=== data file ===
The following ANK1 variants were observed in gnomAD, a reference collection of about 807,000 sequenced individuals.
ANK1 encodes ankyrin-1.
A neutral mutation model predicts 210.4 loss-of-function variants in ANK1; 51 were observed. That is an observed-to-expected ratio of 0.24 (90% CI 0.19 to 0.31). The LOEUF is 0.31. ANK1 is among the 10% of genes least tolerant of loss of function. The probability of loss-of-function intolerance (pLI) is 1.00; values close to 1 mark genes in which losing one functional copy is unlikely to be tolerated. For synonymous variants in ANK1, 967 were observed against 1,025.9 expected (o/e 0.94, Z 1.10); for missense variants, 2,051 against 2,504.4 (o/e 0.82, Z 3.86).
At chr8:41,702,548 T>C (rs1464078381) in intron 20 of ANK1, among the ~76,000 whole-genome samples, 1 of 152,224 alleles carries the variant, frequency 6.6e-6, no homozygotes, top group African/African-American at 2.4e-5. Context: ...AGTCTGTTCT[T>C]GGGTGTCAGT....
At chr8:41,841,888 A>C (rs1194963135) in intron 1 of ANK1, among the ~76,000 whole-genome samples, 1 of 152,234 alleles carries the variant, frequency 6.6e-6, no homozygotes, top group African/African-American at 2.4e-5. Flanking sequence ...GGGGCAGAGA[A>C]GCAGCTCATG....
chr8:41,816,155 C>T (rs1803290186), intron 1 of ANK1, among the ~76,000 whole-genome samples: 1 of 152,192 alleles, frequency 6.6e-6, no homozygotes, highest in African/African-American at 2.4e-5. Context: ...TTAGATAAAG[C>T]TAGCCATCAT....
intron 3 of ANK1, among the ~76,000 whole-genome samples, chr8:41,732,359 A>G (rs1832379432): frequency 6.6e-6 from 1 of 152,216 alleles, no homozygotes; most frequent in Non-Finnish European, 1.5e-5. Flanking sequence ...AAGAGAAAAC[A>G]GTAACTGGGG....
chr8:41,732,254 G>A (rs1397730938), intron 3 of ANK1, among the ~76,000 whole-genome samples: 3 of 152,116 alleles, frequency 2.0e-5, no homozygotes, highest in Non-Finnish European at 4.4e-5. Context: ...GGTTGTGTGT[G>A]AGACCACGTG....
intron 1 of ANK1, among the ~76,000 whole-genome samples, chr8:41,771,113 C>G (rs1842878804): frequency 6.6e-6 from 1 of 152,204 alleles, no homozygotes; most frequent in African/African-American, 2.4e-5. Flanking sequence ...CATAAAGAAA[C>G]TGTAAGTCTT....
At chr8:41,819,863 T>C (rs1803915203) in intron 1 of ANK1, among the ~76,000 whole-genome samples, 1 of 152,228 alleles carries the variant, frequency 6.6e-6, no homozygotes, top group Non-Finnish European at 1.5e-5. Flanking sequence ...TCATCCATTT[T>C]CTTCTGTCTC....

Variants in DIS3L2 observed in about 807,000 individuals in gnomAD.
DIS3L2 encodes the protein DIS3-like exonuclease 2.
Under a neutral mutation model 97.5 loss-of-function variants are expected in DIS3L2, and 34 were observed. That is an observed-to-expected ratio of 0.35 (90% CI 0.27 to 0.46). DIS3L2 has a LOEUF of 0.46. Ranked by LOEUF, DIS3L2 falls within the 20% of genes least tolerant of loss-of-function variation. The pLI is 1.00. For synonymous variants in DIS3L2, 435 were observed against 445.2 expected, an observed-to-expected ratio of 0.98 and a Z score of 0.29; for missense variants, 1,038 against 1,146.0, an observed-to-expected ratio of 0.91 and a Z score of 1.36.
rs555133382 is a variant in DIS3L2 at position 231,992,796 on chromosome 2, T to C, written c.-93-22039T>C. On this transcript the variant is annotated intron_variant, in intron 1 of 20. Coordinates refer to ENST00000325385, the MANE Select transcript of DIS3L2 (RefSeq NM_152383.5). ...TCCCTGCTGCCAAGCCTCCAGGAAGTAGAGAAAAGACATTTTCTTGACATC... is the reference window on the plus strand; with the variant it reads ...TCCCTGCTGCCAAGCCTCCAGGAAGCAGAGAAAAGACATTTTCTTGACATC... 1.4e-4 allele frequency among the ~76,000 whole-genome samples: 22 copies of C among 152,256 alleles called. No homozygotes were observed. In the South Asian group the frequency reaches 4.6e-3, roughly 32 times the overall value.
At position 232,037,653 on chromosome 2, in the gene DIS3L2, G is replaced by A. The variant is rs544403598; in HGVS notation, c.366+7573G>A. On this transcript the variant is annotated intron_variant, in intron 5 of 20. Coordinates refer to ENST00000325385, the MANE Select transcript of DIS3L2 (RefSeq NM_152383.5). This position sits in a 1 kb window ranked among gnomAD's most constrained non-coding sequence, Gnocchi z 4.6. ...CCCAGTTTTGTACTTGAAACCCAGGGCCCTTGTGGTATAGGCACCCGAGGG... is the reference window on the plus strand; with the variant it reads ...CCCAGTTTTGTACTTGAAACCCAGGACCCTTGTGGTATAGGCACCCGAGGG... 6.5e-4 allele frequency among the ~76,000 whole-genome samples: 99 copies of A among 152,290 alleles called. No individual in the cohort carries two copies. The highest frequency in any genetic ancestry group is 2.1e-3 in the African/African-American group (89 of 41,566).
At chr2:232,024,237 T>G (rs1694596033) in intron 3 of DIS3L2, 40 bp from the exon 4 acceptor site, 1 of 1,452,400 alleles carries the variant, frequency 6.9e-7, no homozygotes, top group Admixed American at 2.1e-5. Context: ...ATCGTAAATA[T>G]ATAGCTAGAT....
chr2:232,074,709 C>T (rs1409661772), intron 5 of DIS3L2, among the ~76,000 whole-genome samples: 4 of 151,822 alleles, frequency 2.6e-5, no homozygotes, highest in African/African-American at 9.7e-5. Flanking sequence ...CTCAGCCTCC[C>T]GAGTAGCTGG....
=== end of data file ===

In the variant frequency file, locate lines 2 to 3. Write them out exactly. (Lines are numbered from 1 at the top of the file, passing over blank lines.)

ANK1 encodes ankyrin-1.
A neutral mutation model predicts 210.4 loss-of-function variants in ANK1; 51 were observed. That is an observed-to-expected ratio of 0.24 (90% CI 0.19 to 0.31). The LOEUF is 0.31. ANK1 is among the 10% of genes least tolerant of loss of function. The probability of loss-of-function intolerance (pLI) is 1.00; values close to 1 mark genes in which losing one functional copy is unlikely to be tolerated. For synonymous variants in ANK1, 967 were observed against 1,025.9 expected (o/e 0.94, Z 1.10); for missense variants, 2,051 against 2,504.4 (o/e 0.82, Z 3.86).